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You cannot succeed as a business owner if you do not know how money is moving through your business. Your cash flow dictates how many employees you can hire and what marketing strategy you can pursue.
You can manage your cash flow with a few simple measures. Here are our five proven tips.
1. Monitor Your Business Cash Flow
You cannot manage what you do not monitor. Keep an eye on all of your transactions (e. g. by using an expense tracking spreadsheet), and back them up with paperwork.
Keep all papers you receive, even the ones you don’t think you need. They may become important later. Catalogue them so you and your employees can access them.
Send invoices to vendors and employees as soon as work is done. Make invoices for every transaction you make, including salary and benefits payments.
Hire a financial advisor who will contact you on how your assets are doing. Monitor your inventory and assets yourself.
2. Open a Business Line of Credit
Do not mix your personal bank accounts with your business bank accounts. You can provide some initial assets to your business, but open a separate bank account as soon as possible.
Issue a business credit card from your bank. Business accounts provide regular reports on your balance and assets, helping you manage your business cash flow. Business accounts can also give rewards and bonuses, reducing costs and travel expenditures.
3. Project Ahead
Sue from CFO On Call says: “Keep your eye on how your money has been spent. But keep your eye on how you will spend money as well.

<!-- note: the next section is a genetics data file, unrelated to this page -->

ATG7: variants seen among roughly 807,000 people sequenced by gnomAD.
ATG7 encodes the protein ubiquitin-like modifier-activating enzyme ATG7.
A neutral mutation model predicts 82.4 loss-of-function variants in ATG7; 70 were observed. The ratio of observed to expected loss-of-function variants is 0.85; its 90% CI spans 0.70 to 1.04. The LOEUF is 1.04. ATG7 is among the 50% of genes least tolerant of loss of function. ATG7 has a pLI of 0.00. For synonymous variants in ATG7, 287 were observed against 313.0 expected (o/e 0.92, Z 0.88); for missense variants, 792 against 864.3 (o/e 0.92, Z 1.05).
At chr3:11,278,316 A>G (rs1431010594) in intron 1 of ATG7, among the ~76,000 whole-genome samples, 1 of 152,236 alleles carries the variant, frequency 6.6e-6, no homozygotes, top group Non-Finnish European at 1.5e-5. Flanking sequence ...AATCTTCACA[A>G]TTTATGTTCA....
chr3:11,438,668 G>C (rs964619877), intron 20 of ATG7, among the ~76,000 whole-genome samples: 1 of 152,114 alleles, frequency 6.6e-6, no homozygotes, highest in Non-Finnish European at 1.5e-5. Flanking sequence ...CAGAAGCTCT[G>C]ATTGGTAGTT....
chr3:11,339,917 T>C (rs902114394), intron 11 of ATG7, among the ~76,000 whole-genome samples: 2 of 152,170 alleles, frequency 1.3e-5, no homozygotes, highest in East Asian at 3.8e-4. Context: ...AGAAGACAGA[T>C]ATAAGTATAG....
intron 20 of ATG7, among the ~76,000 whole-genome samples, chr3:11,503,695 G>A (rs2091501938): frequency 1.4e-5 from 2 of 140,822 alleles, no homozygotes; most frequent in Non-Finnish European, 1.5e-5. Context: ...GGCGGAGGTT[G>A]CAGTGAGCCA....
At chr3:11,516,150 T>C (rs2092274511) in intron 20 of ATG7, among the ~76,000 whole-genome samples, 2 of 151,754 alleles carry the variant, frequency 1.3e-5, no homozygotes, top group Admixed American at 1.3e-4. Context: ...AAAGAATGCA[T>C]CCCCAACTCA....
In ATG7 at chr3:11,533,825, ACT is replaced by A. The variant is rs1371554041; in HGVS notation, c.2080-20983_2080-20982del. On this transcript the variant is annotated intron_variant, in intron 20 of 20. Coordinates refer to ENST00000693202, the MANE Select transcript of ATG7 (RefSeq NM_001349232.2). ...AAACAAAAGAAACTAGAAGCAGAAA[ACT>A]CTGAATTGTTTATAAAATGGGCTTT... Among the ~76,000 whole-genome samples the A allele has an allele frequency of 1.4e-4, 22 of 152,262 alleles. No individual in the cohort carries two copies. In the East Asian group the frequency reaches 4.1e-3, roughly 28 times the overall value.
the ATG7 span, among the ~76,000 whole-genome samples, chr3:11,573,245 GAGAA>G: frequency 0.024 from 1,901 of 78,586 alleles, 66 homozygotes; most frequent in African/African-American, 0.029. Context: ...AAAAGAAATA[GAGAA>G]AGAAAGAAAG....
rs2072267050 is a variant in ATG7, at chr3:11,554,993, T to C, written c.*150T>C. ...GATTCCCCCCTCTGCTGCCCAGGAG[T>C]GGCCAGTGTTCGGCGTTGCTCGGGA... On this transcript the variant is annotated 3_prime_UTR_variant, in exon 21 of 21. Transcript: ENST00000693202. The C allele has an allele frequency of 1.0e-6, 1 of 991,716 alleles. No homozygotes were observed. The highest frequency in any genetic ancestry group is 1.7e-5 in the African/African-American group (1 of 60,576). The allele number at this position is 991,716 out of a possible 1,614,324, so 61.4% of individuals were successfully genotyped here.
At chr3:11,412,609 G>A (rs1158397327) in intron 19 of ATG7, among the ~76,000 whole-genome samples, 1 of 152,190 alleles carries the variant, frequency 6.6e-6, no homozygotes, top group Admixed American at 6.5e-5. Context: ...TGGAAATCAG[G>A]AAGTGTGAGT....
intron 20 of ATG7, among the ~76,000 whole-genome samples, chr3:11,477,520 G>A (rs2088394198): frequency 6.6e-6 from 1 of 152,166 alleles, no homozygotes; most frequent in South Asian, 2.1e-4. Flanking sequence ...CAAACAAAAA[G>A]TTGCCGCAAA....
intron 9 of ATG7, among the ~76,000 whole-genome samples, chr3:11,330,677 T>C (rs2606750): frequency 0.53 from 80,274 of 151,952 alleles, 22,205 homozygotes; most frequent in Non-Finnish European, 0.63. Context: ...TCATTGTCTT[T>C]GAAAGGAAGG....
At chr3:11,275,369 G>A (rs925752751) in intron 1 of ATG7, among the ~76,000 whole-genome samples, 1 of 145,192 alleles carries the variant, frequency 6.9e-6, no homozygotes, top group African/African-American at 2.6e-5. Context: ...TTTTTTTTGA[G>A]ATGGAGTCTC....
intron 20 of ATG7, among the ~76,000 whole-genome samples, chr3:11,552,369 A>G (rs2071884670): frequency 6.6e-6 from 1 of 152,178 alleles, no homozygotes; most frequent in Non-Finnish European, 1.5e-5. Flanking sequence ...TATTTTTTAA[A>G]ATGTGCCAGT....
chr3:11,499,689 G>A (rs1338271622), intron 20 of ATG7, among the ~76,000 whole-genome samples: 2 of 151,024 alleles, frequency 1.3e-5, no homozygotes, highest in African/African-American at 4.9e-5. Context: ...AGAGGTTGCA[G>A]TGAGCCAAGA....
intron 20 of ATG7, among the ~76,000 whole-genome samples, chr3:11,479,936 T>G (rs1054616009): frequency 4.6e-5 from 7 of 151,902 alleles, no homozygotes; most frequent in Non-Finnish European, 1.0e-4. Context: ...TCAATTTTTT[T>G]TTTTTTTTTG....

Make one-year and five-year projections for your business. Consider the risks that you are facing, and plan against them.
Develop as concrete a business plan as possible. Figure out what your breakeven point is, and plan out steps that will let you reach that point. Come up with free ways to advertise to your target audience.”
4. Offer Deals
Cut costs wherever you can. Strike deals with vendors and suppliers to lease equipment instead of buying equipment.
Offer sales and discounts to your customers so they pay early. If your customers make large purchases, ask them for deposits or partial payments.
When you are paying vendors, use mobile apps. Mobile apps are cheaper than mail, and they supply payments faster.
5. Keep Buffer Money
Save at least three months of emergency funds. Diversify those funds, so you have stocks, cash, and hard assets.
Maintain multiple income streams. Invest in non-competing businesses, including online and international ventures. Have your own personal cash flow, so you will be in a better place to maintain your company cash flow.
You do not have to pay your vendors right away. Delay payments until you receive your goods, so you can keep money in your account.
Manage your cash flow with our guide
Managing your business cash flow should be one of your top priorities. There are many ways you can do so, but five stand out.
Monitor your cash flow with invoices and paperwork. Open a business line of credit so you can check your balance on a regular basis. Project ahead, forming a business plan so you can improve your cash flow. Cut costs however possible and keep buffer money.
Remember by making the management of your business’s cash flow your top priority, you are saving yourself not only money but time.
Also read: Solutions for Cash Flow Problems: How Home Depot Solved Cash Flow Problems in 1985